Jason Hatton used to see the Beckman Institute building as everyone else does.
At 313,000 square feet, the facility at the northern border of the UI campus is visually stunning - six stories wrapped in limestone, brick and green reflective glass.
"Even before I started working here, the one building that has always stood out to me was Beckman," said Hatton, who recently was promoted to the Beckman facility manager position after nearly five years as assistant manager.
"I've always thought it looks impressive, and the tower is the perfect centerpiece for this part of campus. It was really a dream come true when this position opened up."
After working for five years inside Beckman, Hatton now is as likely to listen to the building as he is to look at it.
"I've been hearing some noises this morning," he said as he passed through the main lobby, "and I've already been checking some things to see what's going on."
Hatton is responsible for maintaining every square inch of Beckman. That includes identifying problems before they become problems - and reacting to any number of issues that may pop up.
The whistling noise in the lobby was coming from a heating vent, an issue Hatton attributes to the frantic start-and-stop process of the perimeter heating system brought on by recent temperature swings. It's something very few other people likely noticed.
Hatton guesses out loud a preliminary solution, then adds it to his list of duties and moves on to the next issue.
At Beckman, which includes a café, an animal-holding area and literally tons of MRI and other imaging equipment, the next issue facing Hatton could turn out to be just about anything.
Last week, "anything" was the discovery of a bat in the second floor of the building's tower.
"They called me and we came and removed it," he said. "This job's never been boring and it never stops changing. We're in charge of everything - from reporting light bulbs that are out to being on call for any type of crisis. Our job is to ensure the building essentials are up and running every day."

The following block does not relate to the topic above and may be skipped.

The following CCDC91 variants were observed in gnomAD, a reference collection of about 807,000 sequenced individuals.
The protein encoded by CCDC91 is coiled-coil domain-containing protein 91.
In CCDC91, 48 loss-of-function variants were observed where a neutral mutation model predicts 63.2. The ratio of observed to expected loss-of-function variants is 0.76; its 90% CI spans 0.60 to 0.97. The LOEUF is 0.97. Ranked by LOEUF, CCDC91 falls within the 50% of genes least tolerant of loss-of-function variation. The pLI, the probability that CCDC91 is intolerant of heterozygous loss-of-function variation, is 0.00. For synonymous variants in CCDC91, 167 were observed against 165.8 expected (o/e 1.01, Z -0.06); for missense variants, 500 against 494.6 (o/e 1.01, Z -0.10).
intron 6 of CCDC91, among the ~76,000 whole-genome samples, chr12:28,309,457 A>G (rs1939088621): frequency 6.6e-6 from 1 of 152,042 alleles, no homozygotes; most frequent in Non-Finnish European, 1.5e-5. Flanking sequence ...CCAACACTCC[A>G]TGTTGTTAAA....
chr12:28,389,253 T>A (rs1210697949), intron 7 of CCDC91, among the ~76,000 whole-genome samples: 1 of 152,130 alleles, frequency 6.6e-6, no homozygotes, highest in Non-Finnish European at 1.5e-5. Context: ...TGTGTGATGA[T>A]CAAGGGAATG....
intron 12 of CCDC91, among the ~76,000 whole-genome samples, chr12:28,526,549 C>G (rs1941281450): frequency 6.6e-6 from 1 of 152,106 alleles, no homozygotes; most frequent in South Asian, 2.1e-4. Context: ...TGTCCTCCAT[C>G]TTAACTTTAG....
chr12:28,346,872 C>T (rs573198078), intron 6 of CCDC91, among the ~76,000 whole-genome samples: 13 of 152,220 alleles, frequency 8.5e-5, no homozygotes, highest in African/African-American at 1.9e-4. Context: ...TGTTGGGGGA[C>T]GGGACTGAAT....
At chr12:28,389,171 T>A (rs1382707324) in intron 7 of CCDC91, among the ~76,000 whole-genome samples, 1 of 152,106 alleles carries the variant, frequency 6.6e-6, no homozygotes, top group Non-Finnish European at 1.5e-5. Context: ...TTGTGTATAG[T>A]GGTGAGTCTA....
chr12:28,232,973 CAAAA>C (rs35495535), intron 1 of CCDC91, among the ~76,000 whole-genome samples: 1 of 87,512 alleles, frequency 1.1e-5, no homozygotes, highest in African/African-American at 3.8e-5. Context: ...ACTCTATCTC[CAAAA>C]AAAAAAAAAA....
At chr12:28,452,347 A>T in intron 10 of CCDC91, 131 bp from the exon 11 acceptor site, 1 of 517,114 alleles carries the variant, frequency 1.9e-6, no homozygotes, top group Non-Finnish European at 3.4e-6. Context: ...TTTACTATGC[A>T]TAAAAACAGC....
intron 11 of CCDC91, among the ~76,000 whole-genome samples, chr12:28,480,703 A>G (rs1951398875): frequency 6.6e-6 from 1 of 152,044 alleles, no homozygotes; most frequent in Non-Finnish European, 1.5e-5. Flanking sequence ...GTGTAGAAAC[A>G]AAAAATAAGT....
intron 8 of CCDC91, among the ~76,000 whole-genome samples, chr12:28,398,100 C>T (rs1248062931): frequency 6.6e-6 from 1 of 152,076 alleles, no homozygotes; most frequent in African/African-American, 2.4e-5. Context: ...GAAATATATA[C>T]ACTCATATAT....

Despite pre-emptive efforts, crises do occur at the 25-year-old building.
A few months ago Hatton was called in at night after electricity to the north side of campus went out and Beckman's backup electrical generators couldn't keep everything operating.
"There are freezers in here with $30,000 worth of experiments in them, so keeping them running is pretty important," he said.
The experiments were saved, but the disruption caused significant flooding in the basement when the steam system shut down.
"The next morning it was literally raining in the basement," he said. "We had to wet-vac for three hours straight to clean it up."
He said there are contingency plans for such occurrences, and they are constantly updated based on changing situations.
"The plan that we had in place then has been imagined more than a few times," he said.
Hatton also manages two building attendants, two security guards and two receiving clerks.
Oddly enough, Hatton doesn't have an extensive maintenance or construction background.
He served 13 years in the Army and Army National Guard, was a drill instructor for at-risk youth camps in Arizona and Illinois, and moved back to Illinois for two job opportunities - for an undercover drug agent position with and as a supervisor with the Transportation Safety Administration at Willard Airport - when the call from UI came.
"Those two jobs kind of fell through because of funding at the time," he said. "Next thing I knew, I had no job and I was working as a painter and part-time at Walmart."
He said he earned the UI job because of his attention to detail - a skill he said can be transposed to any career.
"A drill instructor is just someone who is diligent enough to make sure things are up to par," he said. "My training has been on-the-job experience and just learning as I go. If there's something wrong, I check it out and then know to look out for it the next time."
He said his varied career forays, including his stint at Beckman, "are just opportunities that propose themselves."
Hatton, who lives in Urbana but is originally from Danville, said his enthusiasm in working for the UI is compounded by the fact that several family members work on campus, including his wife, a sister and his father. Another brother is a former employee.
"To work here is an honor, but to work at Beckman is a privilege," he said.
An avid wrestler since the age of 5, Hatton said he still enjoys physical activity. When he's not working he is likely to be found outdoors, either kayaking or camping. And when he's not outdoors, he's "terrorizing my nieces and nephews."